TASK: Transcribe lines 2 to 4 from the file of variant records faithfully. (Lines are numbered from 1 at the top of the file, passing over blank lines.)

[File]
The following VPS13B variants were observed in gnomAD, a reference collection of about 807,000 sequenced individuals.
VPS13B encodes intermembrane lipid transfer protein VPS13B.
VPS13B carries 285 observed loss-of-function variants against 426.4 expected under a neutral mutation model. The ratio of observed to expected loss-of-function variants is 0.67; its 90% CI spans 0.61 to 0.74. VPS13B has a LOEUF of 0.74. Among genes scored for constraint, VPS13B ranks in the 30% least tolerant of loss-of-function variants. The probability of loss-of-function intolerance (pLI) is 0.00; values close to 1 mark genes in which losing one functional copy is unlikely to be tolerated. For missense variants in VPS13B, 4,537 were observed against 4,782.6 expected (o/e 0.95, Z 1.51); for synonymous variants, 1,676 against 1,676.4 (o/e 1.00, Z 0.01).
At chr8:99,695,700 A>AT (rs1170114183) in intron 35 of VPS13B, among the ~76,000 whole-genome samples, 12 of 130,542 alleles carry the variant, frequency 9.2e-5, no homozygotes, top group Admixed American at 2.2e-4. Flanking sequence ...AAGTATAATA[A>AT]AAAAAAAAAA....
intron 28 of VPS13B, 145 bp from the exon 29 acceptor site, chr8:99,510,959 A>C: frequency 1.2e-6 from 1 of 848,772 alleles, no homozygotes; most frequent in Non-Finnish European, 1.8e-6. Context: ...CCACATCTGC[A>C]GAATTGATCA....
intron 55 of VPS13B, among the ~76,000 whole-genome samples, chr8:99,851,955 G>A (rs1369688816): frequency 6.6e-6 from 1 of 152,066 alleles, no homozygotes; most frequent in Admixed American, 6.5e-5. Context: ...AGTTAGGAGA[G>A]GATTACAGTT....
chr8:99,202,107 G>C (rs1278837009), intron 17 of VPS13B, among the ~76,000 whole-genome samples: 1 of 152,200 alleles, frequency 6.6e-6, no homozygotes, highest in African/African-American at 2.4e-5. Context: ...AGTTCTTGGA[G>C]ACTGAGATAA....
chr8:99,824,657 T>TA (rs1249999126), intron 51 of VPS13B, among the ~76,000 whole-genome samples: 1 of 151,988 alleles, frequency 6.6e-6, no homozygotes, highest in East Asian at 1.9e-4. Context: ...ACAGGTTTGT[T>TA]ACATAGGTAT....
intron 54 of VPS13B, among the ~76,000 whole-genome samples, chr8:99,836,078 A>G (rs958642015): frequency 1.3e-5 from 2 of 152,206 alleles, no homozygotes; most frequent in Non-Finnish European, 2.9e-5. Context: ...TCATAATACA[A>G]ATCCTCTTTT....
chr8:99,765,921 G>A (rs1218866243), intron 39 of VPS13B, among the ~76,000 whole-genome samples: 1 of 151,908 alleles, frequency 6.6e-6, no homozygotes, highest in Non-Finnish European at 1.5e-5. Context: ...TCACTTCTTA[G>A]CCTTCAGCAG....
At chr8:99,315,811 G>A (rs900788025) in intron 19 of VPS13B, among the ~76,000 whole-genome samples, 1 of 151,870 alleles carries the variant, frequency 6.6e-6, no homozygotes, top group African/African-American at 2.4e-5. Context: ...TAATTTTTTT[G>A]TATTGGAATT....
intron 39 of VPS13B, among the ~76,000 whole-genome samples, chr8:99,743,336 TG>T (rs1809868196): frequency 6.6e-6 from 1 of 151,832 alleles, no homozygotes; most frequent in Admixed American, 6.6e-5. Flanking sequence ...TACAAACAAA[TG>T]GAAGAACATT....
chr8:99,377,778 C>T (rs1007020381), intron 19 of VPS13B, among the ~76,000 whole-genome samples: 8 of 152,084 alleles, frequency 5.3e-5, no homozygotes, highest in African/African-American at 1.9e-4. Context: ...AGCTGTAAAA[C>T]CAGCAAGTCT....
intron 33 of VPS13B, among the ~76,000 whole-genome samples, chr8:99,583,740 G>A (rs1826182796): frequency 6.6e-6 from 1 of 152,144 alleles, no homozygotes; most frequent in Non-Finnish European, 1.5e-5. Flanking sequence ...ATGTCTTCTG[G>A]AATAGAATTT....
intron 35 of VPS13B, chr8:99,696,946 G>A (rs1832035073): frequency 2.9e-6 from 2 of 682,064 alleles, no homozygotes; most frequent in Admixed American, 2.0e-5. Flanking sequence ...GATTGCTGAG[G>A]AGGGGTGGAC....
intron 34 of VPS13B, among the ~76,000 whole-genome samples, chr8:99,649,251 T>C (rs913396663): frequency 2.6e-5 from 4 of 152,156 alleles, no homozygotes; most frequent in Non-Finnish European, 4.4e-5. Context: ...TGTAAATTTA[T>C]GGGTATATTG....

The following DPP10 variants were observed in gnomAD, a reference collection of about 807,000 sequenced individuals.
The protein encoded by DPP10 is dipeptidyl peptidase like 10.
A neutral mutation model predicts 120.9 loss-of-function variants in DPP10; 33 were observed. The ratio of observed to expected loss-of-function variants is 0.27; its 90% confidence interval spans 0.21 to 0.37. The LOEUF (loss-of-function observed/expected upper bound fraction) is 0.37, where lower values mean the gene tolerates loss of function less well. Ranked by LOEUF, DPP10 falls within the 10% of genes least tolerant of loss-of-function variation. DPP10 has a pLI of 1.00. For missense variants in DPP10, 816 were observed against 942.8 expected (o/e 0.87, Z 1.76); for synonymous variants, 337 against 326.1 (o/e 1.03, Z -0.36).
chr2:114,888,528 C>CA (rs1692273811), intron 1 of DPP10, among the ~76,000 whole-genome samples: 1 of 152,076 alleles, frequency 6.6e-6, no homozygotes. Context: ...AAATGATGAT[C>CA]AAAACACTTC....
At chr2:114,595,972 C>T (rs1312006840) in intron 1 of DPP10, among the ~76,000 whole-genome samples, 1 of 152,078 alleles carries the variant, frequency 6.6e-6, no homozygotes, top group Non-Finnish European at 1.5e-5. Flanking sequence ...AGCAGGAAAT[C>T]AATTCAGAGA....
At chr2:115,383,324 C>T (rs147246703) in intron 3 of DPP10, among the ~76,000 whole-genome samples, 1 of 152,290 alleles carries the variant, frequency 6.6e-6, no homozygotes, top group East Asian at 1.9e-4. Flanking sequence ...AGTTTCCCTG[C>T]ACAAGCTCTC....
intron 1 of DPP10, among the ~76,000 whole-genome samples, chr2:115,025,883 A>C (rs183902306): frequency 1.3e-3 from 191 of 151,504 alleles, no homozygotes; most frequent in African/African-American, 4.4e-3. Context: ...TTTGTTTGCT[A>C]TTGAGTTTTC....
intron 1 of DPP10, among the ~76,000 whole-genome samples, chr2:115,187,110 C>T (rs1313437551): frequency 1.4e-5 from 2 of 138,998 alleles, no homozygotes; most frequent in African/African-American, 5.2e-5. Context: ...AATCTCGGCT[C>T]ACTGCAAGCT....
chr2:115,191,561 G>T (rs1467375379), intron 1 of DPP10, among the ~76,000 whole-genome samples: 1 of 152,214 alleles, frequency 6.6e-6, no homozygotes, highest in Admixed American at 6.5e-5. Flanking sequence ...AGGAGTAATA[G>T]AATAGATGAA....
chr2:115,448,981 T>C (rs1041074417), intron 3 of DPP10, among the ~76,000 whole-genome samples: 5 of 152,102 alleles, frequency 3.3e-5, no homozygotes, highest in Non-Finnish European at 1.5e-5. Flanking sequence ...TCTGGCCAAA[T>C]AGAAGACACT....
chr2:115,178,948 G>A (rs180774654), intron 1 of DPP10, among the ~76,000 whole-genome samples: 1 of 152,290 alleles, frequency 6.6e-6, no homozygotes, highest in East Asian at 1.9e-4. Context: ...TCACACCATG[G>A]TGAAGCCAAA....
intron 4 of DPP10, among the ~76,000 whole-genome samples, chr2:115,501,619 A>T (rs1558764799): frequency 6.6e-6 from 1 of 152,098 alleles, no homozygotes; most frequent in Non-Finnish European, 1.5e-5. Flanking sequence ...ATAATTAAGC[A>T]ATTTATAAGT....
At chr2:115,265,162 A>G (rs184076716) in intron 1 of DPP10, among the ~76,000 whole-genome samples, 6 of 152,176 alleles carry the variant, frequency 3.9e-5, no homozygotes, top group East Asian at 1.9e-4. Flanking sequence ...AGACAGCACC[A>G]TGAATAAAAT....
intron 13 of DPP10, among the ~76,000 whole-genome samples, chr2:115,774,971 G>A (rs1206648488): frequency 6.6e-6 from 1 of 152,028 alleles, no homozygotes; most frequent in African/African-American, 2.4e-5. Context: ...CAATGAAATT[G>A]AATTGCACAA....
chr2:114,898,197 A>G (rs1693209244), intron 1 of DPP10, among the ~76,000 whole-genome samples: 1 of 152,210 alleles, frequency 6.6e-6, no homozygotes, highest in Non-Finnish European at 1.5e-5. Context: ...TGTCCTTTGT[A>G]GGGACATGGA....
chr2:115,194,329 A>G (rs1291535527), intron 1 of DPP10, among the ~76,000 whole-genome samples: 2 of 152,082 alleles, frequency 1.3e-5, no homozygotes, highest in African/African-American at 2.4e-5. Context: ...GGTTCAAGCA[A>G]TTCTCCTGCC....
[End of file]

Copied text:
VPS13B encodes intermembrane lipid transfer protein VPS13B.
VPS13B carries 285 observed loss-of-function variants against 426.4 expected under a neutral mutation model. The ratio of observed to expected loss-of-function variants is 0.67; its 90% CI spans 0.61 to 0.74. VPS13B has a LOEUF of 0.74. Among genes scored for constraint, VPS13B ranks in the 30% least tolerant of loss-of-function variants. The probability of loss-of-function intolerance (pLI) is 0.00; values close to 1 mark genes in which losing one functional copy is unlikely to be tolerated. For missense variants in VPS13B, 4,537 were observed against 4,782.6 expected (o/e 0.95, Z 1.51); for synonymous variants, 1,676 against 1,676.4 (o/e 1.00, Z 0.01).
At chr8:99,695,700 A>AT (rs1170114183) in intron 35 of VPS13B, among the ~76,000 whole-genome samples, 12 of 130,542 alleles carry the variant, frequency 9.2e-5, no homozygotes, top group Admixed American at 2.2e-4. Flanking sequence ...AAGTATAATA[A>AT]AAAAAAAAAA....